Thursday, February 23, 2006

Reactions to Unfamiliar Art
A few years ago, I wrote a column called “Reactions to Unfamiliar Art.” In it, I used a then ongoing, but now about to be published Sammy Harkham strip called “Black Death.” What was “Black Death” is about to be published in the Drawn & Quarterly comic, Crickets.

This was one of my favorite columns from that time. Not only because I’m such a huge fan of Harkham’s work, but it gave me some insight into how people approach comic art that may be unfamiliar to them.

Here’s the column. Again, a few of the pictures above were part of the strip that inspired the column:

Reactions to Unfamiliar Art
Months ago, Jordan Crane posted the first installment of Harkham’s new story Black Death at his excellent website, Reddingk, and I immediately linked to the strip in The Wall forum (this forum and the original columns are no longer online). It looked like a great beginning to another Harkham story and I was anxious to be able to share the strip with others. The first part of the story received a fair amount of comments, including:

“The art is too crude.”

“It struck me as a bit too simplistic and amateurish.”

Not what I expected, but I should know better than being surprised over reaction to comic art. One of the great things about writing this weekly column is reading posts from readers to unfamiliar artists and comic art. These responses have frequently been illuminating, causing me to wonder why I am so enamored of certain creators and others are less than impressed. To be fair to the individuals quoted and to the artist, the above quotes are taken out of context and do not fully represent the thoughtful responses that this strip received. The full quotes and comments are provided below. You can also view the strip yourself at Jordan’s website.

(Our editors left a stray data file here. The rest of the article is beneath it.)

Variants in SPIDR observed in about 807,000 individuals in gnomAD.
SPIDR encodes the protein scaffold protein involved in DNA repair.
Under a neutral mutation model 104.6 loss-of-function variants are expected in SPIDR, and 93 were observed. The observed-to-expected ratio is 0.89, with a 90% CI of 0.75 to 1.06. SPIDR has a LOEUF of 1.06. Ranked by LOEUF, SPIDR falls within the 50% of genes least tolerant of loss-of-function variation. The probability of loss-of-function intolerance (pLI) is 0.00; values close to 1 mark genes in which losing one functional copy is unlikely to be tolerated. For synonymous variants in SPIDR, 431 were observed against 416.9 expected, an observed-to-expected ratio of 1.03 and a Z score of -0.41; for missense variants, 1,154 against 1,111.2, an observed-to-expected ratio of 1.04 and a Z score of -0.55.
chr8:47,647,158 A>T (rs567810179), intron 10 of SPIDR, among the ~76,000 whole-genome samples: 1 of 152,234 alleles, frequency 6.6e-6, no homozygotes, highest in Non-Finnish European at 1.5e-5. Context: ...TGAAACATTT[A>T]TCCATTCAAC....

After posting the link to Black Death, the first comments about the strip were:

“Well, I’m a little freaked out.” –Matthew

And “Ummm…I certainly wouldn’t pay for this.”-Mike

Not a good start, and it got me thinking about why I was so excited about the strip and others had such a negative reaction to it. I asked for further thoughts to clarify why people reacted to the strip the way they did.

Matthew added the following:

“OK, first off - the figure of the guy is disconcerting. He is disfigured and bulbous and the arrows in him don't help either.
Secondly, while the effect of movement and urgency is achieved well there is no sense of narrative that can actually explain his predicament. As a result it seems emotionally empty and develops no real connection to the reader. It seems reasonless and as a result is disconcerting.”

That gives us something to work with. Matthew intelligently explains why he feels no connection to Black Death. The figure running down the hill seems “disfigured and bulbous.” This didn’t occur to me at all when I read the strip, although I have often groaned at figures, especially in most super hero comics, as “disfigured and bulbous.” Many mainstream comic artists, exaggerate and pervert human anatomy in ridiculous and offensive ways, but these artists are held in high regard by their fans and readers. Therefore, Matthew and I have similar problems with comic art, but we view it in different ways.